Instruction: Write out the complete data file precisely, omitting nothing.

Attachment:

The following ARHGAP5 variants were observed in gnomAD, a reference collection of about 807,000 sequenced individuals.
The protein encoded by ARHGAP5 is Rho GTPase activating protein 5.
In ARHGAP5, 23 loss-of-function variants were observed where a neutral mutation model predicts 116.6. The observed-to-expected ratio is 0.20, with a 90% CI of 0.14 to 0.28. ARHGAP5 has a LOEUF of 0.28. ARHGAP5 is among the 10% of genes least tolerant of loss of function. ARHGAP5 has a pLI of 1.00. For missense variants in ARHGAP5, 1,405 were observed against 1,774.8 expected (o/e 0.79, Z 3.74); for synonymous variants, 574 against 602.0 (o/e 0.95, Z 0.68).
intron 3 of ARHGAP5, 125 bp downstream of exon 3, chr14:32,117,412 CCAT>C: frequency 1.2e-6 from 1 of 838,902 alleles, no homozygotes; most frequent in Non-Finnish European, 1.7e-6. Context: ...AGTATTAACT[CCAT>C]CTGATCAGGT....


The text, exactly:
The following ARHGAP5 variants were observed in gnomAD, a reference collection of about 807,000 sequenced individuals.
The protein encoded by ARHGAP5 is Rho GTPase activating protein 5.
In ARHGAP5, 23 loss-of-function variants were observed where a neutral mutation model predicts 116.6. The observed-to-expected ratio is 0.20, with a 90% CI of 0.14 to 0.28. ARHGAP5 has a LOEUF of 0.28. ARHGAP5 is among the 10% of genes least tolerant of loss of function. ARHGAP5 has a pLI of 1.00. For missense variants in ARHGAP5, 1,405 were observed against 1,774.8 expected (o/e 0.79, Z 3.74); for synonymous variants, 574 against 602.0 (o/e 0.95, Z 0.68).
intron 3 of ARHGAP5, 125 bp downstream of exon 3, chr14:32,117,412 CCAT>C: frequency 1.2e-6 from 1 of 838,902 alleles, no homozygotes; most frequent in Non-Finnish European, 1.7e-6. Context: ...AGTATTAACT[CCAT>C]CTGATCAGGT....